Answer- When you perceive it as an important opportunity.

In the previous post,  I demonstrated how by overriding our primitive self protective, fear detecting amygdyla brain, and enlisting our higher functioning, highly evolved, human frontal cortex, we can overcome the downward negative elements of stress. I want to further demonstrate this with more examples.

Firstly, let me emphasize that like everything else I discuss, mastering this concept comes with practice because it may be counterintuitive at first. You are ,after all , having to go against your basic primal instinct , which is self protection and self preservation. But here is the first step in a successful mindset shift when it comes to fear. Most threats are only perceived threats. Look around you. At this moment you are safe. Nothing bad is going to happen to you right now.( unless of course you are reading this blog on your cell phone while driving). So when it comes to tackling an objective that you don’t feel like doing, ask yourself this. Are you avoiding doing it because you are afraid of the outcome? that you wont succeed? that its going to be awkward and frustrating? That its going to waste a lot of time? Congratulations. You are probably right on all counts. The first mindset shift in perspective I want you to consider is the inner fear you are experiencing is normal and not to be ignored. It just needs to be REINTERPRETED by your higher brain that is more evolved for reasoning. You shift your thinking and over time train (with practice) that any objective, task or activity you fear to attempt to work through is actually IMPORTANT. It not a threat, but rather an opportunity for completion.

When you shift your thinking from stress/ fear to important, you reason that important tasks should not be avoided. Important objectives reflect the things that you value and the responsibilities that you are obligated to do. Overcoming the fear shifts the thinking from perceived threat to an opportunity and choice to meet a challenge. This is where personal growth comes from.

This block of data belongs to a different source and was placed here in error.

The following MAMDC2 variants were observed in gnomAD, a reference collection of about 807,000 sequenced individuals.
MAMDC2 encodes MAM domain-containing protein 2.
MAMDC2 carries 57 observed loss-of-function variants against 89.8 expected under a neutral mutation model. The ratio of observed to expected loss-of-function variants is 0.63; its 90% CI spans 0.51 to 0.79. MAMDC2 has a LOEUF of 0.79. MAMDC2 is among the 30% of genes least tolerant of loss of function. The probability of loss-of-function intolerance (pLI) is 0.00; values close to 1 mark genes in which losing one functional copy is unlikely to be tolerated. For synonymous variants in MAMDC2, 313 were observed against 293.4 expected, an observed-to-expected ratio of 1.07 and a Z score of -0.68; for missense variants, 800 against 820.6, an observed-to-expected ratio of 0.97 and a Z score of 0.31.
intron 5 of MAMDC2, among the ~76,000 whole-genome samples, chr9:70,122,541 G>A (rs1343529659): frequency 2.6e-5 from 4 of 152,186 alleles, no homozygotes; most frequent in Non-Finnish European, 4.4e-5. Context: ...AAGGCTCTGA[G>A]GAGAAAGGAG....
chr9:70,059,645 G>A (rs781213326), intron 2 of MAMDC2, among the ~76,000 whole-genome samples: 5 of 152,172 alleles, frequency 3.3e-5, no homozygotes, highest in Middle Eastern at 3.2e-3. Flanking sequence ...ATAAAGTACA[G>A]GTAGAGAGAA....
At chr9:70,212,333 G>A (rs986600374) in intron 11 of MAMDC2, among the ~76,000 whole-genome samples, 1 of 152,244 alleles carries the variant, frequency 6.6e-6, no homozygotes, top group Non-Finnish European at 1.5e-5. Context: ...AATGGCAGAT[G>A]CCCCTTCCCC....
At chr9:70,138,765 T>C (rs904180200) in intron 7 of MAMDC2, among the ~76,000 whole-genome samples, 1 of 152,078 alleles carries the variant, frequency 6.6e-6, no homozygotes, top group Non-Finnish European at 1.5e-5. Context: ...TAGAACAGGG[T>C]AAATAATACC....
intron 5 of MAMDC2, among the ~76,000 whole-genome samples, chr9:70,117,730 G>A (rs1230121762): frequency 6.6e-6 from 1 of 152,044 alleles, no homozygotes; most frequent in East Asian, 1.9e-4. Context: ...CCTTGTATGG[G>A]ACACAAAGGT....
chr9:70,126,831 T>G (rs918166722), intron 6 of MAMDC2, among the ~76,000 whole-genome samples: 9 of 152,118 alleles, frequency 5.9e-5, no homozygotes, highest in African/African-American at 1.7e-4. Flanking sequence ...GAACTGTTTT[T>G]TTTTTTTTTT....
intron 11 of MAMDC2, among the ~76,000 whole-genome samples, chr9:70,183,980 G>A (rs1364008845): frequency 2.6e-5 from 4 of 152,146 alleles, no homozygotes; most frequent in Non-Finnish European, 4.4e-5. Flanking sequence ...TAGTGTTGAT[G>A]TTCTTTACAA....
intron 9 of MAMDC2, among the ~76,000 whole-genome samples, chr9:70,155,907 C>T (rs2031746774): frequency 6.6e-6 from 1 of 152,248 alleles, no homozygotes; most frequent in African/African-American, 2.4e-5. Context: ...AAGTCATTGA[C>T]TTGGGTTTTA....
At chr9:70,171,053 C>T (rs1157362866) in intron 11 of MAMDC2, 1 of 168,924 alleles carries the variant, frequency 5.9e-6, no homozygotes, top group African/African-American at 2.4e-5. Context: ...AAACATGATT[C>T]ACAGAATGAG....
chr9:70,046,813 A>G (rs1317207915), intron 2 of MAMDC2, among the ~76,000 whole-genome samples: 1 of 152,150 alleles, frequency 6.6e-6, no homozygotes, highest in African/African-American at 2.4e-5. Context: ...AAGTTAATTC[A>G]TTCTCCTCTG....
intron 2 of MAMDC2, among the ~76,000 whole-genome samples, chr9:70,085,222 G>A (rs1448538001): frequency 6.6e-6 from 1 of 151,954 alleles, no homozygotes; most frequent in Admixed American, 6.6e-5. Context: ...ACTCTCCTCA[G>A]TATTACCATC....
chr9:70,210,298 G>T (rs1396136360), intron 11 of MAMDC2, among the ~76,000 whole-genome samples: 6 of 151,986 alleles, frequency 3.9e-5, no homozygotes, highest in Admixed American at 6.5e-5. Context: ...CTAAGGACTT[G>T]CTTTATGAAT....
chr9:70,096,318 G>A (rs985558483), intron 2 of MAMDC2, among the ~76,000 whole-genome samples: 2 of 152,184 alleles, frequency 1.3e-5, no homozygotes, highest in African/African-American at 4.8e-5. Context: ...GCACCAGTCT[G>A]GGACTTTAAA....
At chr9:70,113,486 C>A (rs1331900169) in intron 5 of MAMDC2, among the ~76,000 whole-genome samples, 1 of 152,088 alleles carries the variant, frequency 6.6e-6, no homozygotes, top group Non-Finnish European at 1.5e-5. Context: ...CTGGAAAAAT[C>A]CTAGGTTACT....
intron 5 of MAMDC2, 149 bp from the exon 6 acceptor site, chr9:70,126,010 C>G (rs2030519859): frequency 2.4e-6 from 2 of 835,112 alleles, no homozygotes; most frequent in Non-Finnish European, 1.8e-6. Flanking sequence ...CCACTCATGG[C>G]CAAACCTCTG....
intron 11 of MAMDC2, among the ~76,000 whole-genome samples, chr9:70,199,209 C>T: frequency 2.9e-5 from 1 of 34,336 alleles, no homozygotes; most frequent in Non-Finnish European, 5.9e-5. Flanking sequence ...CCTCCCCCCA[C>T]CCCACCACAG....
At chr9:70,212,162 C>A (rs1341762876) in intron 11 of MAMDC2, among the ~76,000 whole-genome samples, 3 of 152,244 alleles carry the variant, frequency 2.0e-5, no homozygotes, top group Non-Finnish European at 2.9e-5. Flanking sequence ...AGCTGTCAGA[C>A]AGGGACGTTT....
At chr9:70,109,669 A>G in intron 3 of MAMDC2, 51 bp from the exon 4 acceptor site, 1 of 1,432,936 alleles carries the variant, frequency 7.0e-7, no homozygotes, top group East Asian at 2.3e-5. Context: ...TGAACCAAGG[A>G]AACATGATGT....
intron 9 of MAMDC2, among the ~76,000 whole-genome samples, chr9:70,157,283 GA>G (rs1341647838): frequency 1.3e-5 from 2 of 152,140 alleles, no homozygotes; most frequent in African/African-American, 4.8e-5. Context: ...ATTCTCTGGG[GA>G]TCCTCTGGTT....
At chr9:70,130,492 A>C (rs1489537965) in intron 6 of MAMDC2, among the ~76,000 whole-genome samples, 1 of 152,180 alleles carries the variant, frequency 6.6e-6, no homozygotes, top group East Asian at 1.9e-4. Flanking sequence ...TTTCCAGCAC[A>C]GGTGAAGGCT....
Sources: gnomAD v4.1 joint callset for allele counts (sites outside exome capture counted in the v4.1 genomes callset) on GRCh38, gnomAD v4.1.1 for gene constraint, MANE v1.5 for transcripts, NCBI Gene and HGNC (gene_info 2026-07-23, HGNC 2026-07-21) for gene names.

Lets demonstrate this concept . A private citizen is obligated and responsible to pay his taxes. He fears that he doesn’t have enough money to pay it. He is stressed over the idea of filing himself because he wants to save money, but he hasn’t done it before. Its going to be stressful discovering the figure he owes. His stress stimulates his sympathetic nervous system to panic. There is no one to fight. He cant run anywhere. So he freezes. He avoids. He procrastinates. He doesn’t pay the taxes which leads to more chronic stress when the interest payments start to accumulate and the stress cycle pushes the spiral downward. This is a choice.

The other choice is that he decides and recognizes that paying taxes is important. To avoid filing late and incurring unnecessary penalties, he uses the deadline as a motivating incentive to act. He maximizes his structure to enlist a tax accountant that specializes in consolidating debt and coming up with an affordable budget. The amount owed is less than he feared. He repeats this the following year and it gets easier with practice. He has now successfully leveraged his stress to push forward and upward.

We can apply the same formula to a desired goal or activity. A person wants to run in a 10k charity race. She has never done it before but values the cause and believes it would be a healthy pursuit. Her primal instinct kicks in and she feels afraid that she wont succeed and that she will be frustrated and embarrassed. She may have doubtful  thoughts  that may give way to emotions of feeling the urge to procrastinate and avoid training. Or she can choose to understand that primal fear is a sign telling her that this event is important and she must prepare for the challenge. She understands that is going to be difficult at first. She anticipates the initial struggles of inertia and the discomfort of being out of shape. She anticipates the time commitment to train. She prepares. She sets up her structural schedule. She shifts her mindset to think that by scheduling time to run, she is making time to run. She sets up a habit loop to reminder herself to run beforehand and reward herself afterward each day. She respects her streak and has someone to keep her accountable . She keeps running and over time it gets easier and easier. Stress levels drop and energy levels rise.

The adrenalin surge of the stress response doent always have to be a negative thing. In short interval doses, stress  can be a source of excitement and boost energy. Think of riding a roller coaster,tree trekking or watertubing. Exteme sport junkies thrive on the adrenalin rushes of their seemingly dangerous activities. Research actually shows that they are often well prepared for their challenges and train to take all safety .

The aim is stress in moderation and surrender to the faith that repeated exposure and trained practice always lowers the negative effects of the chronic stress response.

Can you think of a stressful task or goal that you have been avoiding? Can you really think of why you FEEL the threat of facing it? Is it real or just perceived? Is it truly a threat or is it an opportunity? Always be prepared to answer the question -What would happen if I face this task today?  What would happen if I avoid it today and tomorrow? Please share your thoughts